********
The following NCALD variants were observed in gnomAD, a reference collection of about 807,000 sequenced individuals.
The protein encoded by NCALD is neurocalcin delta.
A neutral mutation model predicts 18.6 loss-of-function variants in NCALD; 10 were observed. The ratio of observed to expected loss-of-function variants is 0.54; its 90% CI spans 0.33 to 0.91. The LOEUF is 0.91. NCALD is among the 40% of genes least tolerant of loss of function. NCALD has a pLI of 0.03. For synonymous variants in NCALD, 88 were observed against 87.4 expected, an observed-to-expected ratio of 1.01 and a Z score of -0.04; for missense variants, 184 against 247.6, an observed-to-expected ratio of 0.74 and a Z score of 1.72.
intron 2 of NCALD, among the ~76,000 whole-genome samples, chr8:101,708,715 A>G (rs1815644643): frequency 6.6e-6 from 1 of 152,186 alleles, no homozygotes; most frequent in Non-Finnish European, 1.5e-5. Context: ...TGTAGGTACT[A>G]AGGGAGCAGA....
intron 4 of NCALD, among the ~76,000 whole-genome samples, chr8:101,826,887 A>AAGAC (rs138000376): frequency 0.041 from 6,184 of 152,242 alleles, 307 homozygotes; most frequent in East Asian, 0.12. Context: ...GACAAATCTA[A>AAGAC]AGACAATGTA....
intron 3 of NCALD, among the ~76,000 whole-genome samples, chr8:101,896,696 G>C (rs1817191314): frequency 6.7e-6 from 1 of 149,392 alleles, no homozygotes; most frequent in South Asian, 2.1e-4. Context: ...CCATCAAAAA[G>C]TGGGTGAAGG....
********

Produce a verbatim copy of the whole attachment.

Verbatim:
The following NCALD variants were observed in gnomAD, a reference collection of about 807,000 sequenced individuals.
The protein encoded by NCALD is neurocalcin delta.
A neutral mutation model predicts 18.6 loss-of-function variants in NCALD; 10 were observed. The ratio of observed to expected loss-of-function variants is 0.54; its 90% CI spans 0.33 to 0.91. The LOEUF is 0.91. NCALD is among the 40% of genes least tolerant of loss of function. NCALD has a pLI of 0.03. For synonymous variants in NCALD, 88 were observed against 87.4 expected, an observed-to-expected ratio of 1.01 and a Z score of -0.04; for missense variants, 184 against 247.6, an observed-to-expected ratio of 0.74 and a Z score of 1.72.
intron 2 of NCALD, among the ~76,000 whole-genome samples, chr8:101,708,715 A>G (rs1815644643): frequency 6.6e-6 from 1 of 152,186 alleles, no homozygotes; most frequent in Non-Finnish European, 1.5e-5. Context: ...TGTAGGTACT[A>G]AGGGAGCAGA....
intron 4 of NCALD, among the ~76,000 whole-genome samples, chr8:101,826,887 A>AAGAC (rs138000376): frequency 0.041 from 6,184 of 152,242 alleles, 307 homozygotes; most frequent in East Asian, 0.12. Context: ...GACAAATCTA[A>AAGAC]AGACAATGTA....
intron 3 of NCALD, among the ~76,000 whole-genome samples, chr8:101,896,696 G>C (rs1817191314): frequency 6.7e-6 from 1 of 149,392 alleles, no homozygotes; most frequent in South Asian, 2.1e-4. Context: ...CCATCAAAAA[G>C]TGGGTGAAGG....